The first one “I can remember seeing”:http://tessawegert.blogs.com/ttime/2005/06/podcasting_quee.html was on “BravoTV.com”:http://www.bravotv.com back in June, offering access to additional content from the popular show “Queer Eye for the Straight Guy.” It was the last thing I expected to find online, particularly on a TV network site. Since then, so many others have been cropping up that now when I learn of a new one I barely bat an eye.
What’s the latest medium to tickle offline media’s fancy? Podcasts.
The appeal of a podcast created by and for a TV network is pretty clear. Like blogs, they can offer an inside peek at shows and their cast members — something that many fans crave. Most TV network-generated podcasts (for lack of a better term) feature interviews and exclusive information one can’t get offline or at the show’s Web site. They’re the perfect way to promote a new series, maintain fan loyalty, and entice new viewers.
Networks are also benefiting from the countless podcasts “being produced by fans”:http://www.podcastingnews.com/details/www.hawaiiup.com/lost/feed/view.htm of their shows. What started as a consumer-generated medium may now be going mainstream, but that certainly doesn’t mean it’s losing touch with its roots!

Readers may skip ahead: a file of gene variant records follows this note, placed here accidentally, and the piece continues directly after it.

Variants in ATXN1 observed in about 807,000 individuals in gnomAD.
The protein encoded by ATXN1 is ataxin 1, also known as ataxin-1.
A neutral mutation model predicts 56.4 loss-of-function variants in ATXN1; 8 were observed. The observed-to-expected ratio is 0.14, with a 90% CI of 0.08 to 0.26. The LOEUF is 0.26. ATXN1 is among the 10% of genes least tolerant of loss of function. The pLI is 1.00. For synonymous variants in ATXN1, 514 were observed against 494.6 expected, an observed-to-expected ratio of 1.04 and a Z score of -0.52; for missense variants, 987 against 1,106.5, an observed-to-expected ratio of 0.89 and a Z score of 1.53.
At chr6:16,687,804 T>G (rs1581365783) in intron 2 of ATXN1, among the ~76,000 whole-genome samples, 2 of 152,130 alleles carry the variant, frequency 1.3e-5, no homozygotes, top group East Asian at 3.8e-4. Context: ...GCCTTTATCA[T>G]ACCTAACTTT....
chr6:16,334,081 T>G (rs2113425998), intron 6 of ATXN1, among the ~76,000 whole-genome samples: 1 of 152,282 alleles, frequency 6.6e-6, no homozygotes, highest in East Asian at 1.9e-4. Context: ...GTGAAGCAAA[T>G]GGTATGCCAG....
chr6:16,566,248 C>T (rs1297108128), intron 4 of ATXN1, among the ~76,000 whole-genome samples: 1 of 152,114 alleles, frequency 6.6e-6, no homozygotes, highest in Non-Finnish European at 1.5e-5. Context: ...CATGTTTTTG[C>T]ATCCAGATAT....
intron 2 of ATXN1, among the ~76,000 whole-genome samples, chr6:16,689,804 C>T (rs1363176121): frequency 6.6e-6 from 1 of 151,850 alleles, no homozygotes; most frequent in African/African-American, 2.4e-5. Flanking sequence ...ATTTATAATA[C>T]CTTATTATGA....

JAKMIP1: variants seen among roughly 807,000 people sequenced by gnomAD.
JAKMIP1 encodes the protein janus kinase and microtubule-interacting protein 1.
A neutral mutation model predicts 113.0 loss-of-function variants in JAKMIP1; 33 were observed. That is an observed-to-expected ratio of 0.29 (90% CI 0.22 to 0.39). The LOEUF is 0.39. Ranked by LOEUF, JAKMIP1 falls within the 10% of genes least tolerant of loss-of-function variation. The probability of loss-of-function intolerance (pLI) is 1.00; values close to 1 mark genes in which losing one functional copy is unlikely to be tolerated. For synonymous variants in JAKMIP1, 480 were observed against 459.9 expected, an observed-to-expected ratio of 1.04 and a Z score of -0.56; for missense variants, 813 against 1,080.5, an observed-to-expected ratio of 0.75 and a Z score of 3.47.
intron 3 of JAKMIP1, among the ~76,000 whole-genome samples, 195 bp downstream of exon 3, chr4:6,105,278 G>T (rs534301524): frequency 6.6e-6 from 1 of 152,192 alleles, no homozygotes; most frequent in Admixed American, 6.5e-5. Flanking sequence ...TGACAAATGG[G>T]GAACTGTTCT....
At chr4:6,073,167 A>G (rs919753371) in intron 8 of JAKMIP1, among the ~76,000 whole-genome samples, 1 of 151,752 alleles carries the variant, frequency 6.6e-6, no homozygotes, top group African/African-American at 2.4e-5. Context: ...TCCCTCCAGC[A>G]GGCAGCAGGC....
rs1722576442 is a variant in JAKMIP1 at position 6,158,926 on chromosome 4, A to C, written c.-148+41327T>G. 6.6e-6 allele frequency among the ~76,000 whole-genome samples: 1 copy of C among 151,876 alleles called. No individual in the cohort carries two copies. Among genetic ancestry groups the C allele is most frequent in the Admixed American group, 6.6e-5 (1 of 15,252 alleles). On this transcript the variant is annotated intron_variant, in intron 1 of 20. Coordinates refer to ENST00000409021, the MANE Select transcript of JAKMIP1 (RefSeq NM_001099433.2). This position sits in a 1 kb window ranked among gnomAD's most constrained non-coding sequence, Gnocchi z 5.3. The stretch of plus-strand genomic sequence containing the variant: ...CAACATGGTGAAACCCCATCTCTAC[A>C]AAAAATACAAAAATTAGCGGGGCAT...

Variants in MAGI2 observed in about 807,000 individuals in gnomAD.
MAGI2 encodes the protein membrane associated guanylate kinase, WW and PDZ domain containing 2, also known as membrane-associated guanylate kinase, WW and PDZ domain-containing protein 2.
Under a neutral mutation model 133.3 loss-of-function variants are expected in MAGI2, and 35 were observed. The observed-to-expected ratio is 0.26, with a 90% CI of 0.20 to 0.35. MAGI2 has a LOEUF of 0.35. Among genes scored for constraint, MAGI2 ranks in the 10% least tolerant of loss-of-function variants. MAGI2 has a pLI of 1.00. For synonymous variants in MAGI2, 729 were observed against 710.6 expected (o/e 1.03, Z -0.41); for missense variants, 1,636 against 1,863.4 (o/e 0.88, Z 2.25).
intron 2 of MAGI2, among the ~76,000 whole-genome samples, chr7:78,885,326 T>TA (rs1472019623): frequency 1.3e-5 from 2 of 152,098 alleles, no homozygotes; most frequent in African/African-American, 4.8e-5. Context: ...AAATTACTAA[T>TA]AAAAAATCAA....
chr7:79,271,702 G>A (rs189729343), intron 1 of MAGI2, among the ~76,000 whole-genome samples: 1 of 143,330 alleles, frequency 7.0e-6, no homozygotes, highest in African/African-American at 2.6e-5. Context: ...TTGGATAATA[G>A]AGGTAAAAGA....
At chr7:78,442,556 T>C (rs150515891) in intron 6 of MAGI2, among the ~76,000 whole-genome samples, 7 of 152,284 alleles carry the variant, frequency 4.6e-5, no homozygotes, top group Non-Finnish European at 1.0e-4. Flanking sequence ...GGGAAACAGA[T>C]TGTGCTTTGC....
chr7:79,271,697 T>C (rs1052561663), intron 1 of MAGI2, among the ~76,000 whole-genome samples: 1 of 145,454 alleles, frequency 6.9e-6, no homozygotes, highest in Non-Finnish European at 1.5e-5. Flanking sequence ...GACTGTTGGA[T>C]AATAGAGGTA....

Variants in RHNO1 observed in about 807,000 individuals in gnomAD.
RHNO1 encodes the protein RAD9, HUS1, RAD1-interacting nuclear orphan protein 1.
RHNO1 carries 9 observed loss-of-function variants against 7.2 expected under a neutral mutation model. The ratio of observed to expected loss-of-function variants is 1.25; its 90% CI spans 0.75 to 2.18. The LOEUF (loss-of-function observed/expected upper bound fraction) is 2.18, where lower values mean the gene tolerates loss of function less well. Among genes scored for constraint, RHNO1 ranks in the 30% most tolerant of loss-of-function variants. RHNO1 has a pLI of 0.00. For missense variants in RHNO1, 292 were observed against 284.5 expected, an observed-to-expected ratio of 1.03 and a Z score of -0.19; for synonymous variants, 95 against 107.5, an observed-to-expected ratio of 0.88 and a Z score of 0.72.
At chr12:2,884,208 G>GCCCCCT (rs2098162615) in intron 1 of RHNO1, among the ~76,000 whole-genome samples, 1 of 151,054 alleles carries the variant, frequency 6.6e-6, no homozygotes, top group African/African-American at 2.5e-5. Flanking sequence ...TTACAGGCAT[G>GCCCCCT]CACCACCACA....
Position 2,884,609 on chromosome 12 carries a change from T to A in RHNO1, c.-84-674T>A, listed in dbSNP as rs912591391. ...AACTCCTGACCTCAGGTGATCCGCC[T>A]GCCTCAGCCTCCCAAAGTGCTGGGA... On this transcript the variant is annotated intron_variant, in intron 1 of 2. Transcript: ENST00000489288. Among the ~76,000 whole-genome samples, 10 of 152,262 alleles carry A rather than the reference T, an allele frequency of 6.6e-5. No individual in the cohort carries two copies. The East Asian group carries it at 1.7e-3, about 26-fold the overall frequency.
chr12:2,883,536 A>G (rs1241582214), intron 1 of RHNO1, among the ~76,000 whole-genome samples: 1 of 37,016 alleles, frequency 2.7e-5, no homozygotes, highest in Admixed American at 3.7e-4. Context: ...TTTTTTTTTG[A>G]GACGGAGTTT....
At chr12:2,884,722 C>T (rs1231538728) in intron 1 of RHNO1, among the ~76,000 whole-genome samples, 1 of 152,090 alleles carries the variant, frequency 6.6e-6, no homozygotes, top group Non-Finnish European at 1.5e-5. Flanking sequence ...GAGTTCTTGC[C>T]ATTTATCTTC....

The other day a colleague of mine pointed out the fact that podcasts are really little more than glorified, rebranded and repurposed audio files. While I can’t argue with that, their value doesn’t solely lie in their current cache. Podcasts are acting not only as a bridge between consumers and television, but between television and the Web as well. The more the offline world realizes the value of interactive media and Web-based technology, the better it is for all of us.